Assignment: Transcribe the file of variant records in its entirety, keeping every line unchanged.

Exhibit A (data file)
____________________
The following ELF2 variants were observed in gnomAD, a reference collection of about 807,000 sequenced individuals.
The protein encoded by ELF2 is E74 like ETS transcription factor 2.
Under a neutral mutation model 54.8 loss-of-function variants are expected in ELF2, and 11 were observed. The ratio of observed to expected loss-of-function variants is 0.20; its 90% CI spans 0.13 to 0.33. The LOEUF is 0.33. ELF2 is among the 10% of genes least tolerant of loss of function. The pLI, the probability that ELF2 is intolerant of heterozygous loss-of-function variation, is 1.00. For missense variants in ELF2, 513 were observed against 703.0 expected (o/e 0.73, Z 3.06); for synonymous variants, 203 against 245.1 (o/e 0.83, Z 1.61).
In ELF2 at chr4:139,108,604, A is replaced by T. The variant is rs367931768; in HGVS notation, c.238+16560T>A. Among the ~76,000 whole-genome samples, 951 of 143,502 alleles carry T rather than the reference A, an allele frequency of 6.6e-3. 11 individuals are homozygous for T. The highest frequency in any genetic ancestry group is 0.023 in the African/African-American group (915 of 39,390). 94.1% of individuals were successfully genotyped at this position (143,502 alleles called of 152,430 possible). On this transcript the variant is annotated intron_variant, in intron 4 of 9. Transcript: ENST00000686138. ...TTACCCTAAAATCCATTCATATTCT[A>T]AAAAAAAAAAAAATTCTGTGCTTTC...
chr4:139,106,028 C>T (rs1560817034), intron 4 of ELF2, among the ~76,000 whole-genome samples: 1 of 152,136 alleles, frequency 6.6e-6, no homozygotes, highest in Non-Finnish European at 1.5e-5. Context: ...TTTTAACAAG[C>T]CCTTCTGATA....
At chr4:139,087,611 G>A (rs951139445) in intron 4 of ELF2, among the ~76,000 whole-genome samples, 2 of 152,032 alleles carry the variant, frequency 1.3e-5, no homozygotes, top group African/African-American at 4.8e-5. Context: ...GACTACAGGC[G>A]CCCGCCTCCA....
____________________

The following ELF2 variants were observed in gnomAD, a reference collection of about 807,000 sequenced individuals.
The protein encoded by ELF2 is E74 like ETS transcription factor 2.
Under a neutral mutation model 54.8 loss-of-function variants are expected in ELF2, and 11 were observed. The ratio of observed to expected loss-of-function variants is 0.20; its 90% CI spans 0.13 to 0.33. The LOEUF is 0.33. ELF2 is among the 10% of genes least tolerant of loss of function. The pLI, the probability that ELF2 is intolerant of heterozygous loss-of-function variation, is 1.00. For missense variants in ELF2, 513 were observed against 703.0 expected (o/e 0.73, Z 3.06); for synonymous variants, 203 against 245.1 (o/e 0.83, Z 1.61).
In ELF2 at chr4:139,108,604, A is replaced by T. The variant is rs367931768; in HGVS notation, c.238+16560T>A. Among the ~76,000 whole-genome samples, 951 of 143,502 alleles carry T rather than the reference A, an allele frequency of 6.6e-3. 11 individuals are homozygous for T. The highest frequency in any genetic ancestry group is 0.023 in the African/African-American group (915 of 39,390). 94.1% of individuals were successfully genotyped at this position (143,502 alleles called of 152,430 possible). On this transcript the variant is annotated intron_variant, in intron 4 of 9. Transcript: ENST00000686138. ...TTACCCTAAAATCCATTCATATTCT[A>T]AAAAAAAAAAAAATTCTGTGCTTTC...
chr4:139,106,028 C>T (rs1560817034), intron 4 of ELF2, among the ~76,000 whole-genome samples: 1 of 152,136 alleles, frequency 6.6e-6, no homozygotes, highest in Non-Finnish European at 1.5e-5. Context: ...TTTTAACAAG[C>T]CCTTCTGATA....
At chr4:139,087,611 G>A (rs951139445) in intron 4 of ELF2, among the ~76,000 whole-genome samples, 2 of 152,032 alleles carry the variant, frequency 1.3e-5, no homozygotes, top group African/African-American at 4.8e-5. Context: ...GACTACAGGC[G>A]CCCGCCTCCA....